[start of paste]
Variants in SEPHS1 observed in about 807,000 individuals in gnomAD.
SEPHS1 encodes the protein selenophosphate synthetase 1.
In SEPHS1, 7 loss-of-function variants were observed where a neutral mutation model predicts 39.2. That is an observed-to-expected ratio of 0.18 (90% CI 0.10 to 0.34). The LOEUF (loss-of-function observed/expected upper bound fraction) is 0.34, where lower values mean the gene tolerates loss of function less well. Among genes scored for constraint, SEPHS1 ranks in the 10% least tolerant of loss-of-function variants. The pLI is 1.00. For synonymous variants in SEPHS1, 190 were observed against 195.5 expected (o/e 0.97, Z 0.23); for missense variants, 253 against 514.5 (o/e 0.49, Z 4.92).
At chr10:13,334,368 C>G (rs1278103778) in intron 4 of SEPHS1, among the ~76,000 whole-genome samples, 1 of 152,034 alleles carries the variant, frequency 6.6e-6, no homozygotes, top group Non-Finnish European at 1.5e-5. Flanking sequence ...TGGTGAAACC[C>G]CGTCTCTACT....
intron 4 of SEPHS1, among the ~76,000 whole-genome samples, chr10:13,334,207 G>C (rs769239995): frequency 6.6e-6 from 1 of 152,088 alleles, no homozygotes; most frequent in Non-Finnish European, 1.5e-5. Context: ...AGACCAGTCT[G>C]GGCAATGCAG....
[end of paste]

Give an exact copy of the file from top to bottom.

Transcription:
Variants in SEPHS1 observed in about 807,000 individuals in gnomAD.
SEPHS1 encodes the protein selenophosphate synthetase 1.
In SEPHS1, 7 loss-of-function variants were observed where a neutral mutation model predicts 39.2. That is an observed-to-expected ratio of 0.18 (90% CI 0.10 to 0.34). The LOEUF (loss-of-function observed/expected upper bound fraction) is 0.34, where lower values mean the gene tolerates loss of function less well. Among genes scored for constraint, SEPHS1 ranks in the 10% least tolerant of loss-of-function variants. The pLI is 1.00. For synonymous variants in SEPHS1, 190 were observed against 195.5 expected (o/e 0.97, Z 0.23); for missense variants, 253 against 514.5 (o/e 0.49, Z 4.92).
At chr10:13,334,368 C>G (rs1278103778) in intron 4 of SEPHS1, among the ~76,000 whole-genome samples, 1 of 152,034 alleles carries the variant, frequency 6.6e-6, no homozygotes, top group Non-Finnish European at 1.5e-5. Flanking sequence ...TGGTGAAACC[C>G]CGTCTCTACT....
intron 4 of SEPHS1, among the ~76,000 whole-genome samples, chr10:13,334,207 G>C (rs769239995): frequency 6.6e-6 from 1 of 152,088 alleles, no homozygotes; most frequent in Non-Finnish European, 1.5e-5. Context: ...AGACCAGTCT[G>C]GGCAATGCAG....